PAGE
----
N ( u ) = { u E V : u is adjacent to u } .



Aggregation of inequalities in integer programming



151



From Theorem 1, we conclude the following.

Corollary 1B. A graph G = (V, E ) is threshold if and only if there is a partition of

V into disjoint sets A , B and an ordering u l , uz,. . ., Uk of A such that

no two vertices in A are adjacent,

every two vertices in B are adjacent,

N ( u J N ( U 2 ) .. * c N u , ) .



c



c



Let us sketch the proof. If G has the structure described by Corollary IB then G

cannot possibly have an induced subgraph isomorphic to 2Kz, P4 or C,; hence G is

threshold. On the other hand, if G is threshold then G has the structure described

by (iii) of Theorem 1. In that case, we may set A = Q, B = V - Q. Finally, we scan

the list u l , u 2 , .. ., un in the reuerse order (from un to u l ) and enumerate the vertices

of B as u l , uz,.. ., uk.

Remark 3. For every graph G, we define the complement G of G to be a graph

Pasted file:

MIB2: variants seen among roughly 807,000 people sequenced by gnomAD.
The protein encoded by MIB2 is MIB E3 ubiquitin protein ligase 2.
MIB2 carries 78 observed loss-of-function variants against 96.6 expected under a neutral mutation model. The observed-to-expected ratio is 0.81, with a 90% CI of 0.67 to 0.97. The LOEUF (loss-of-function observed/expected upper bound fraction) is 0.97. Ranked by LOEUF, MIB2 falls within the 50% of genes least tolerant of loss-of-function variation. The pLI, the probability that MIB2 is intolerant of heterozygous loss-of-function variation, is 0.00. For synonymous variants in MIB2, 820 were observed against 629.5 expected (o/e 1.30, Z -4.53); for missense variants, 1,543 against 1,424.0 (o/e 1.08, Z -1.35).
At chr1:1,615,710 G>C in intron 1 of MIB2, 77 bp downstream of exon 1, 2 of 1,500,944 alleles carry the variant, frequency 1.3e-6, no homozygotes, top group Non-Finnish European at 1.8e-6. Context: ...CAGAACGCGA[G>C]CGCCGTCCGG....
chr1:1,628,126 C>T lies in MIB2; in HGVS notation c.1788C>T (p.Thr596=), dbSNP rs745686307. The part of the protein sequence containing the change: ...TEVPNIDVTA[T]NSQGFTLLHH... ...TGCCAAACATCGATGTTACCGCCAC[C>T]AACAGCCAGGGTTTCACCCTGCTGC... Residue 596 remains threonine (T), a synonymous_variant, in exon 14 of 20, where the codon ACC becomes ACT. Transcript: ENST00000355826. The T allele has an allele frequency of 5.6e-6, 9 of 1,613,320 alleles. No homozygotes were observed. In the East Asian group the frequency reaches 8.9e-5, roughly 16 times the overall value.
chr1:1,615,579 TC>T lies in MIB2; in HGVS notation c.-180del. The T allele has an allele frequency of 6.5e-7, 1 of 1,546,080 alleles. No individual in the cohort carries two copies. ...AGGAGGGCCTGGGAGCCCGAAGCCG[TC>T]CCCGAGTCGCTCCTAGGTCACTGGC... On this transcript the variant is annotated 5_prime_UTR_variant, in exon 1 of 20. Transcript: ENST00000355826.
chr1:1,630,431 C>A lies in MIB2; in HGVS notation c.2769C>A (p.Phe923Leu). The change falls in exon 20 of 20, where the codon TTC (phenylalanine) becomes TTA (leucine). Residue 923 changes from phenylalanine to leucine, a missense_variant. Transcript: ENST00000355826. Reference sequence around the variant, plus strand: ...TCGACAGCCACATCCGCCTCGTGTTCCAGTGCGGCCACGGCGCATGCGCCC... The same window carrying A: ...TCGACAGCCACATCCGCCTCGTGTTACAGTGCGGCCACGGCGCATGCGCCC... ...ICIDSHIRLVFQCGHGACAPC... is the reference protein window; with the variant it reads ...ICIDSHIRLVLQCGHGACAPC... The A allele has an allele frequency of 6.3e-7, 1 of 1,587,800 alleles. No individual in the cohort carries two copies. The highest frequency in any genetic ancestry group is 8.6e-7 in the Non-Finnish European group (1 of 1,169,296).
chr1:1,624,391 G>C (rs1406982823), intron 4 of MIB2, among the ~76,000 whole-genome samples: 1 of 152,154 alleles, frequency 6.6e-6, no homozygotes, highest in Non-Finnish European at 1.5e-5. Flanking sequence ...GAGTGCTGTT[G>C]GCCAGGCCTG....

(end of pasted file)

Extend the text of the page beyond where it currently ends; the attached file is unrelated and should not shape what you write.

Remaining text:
with the same set of vertices as G ; two distinct vertices are adjacent in G if and

only if they are not adjacent in G. From the equivalence of (i) and (ii) in Theorem 1,

we conclude the following.

Corollary 1C. A graph is threshold if and only if its complement is threshold.

Let us point out that this fact does not seem to follow directly from the definition.

Remark 4. In order to decide whether a graph G (with vertices u l , uz,. . ., u , ) is

,

. . ., d G ( u n )of its

threshold, it suffices to know only the degrees d G ( u , ) &(u2),

vertices. Indeed, executing Steps 1, 2 and 3 of the algorithm, we manipulate only

these quantities. On the other hand, if we are about to execute Step 4 then we

already know that G is not threshold.

Remark 5. Theorem 1 implies that threshold graphs are very rare. Indeed, from

(iii) of Theorem 1, we conclude that the number of distinct threshold graphs with

vertices u,, u 2 , .. ., un does not exceed



n !2"-'.

On the other hand, the number of all distinct graphs with the same set of vertices is

2"( n 1)/Z

~



Hence a randomly chosen graph will almost certainly be not threshold.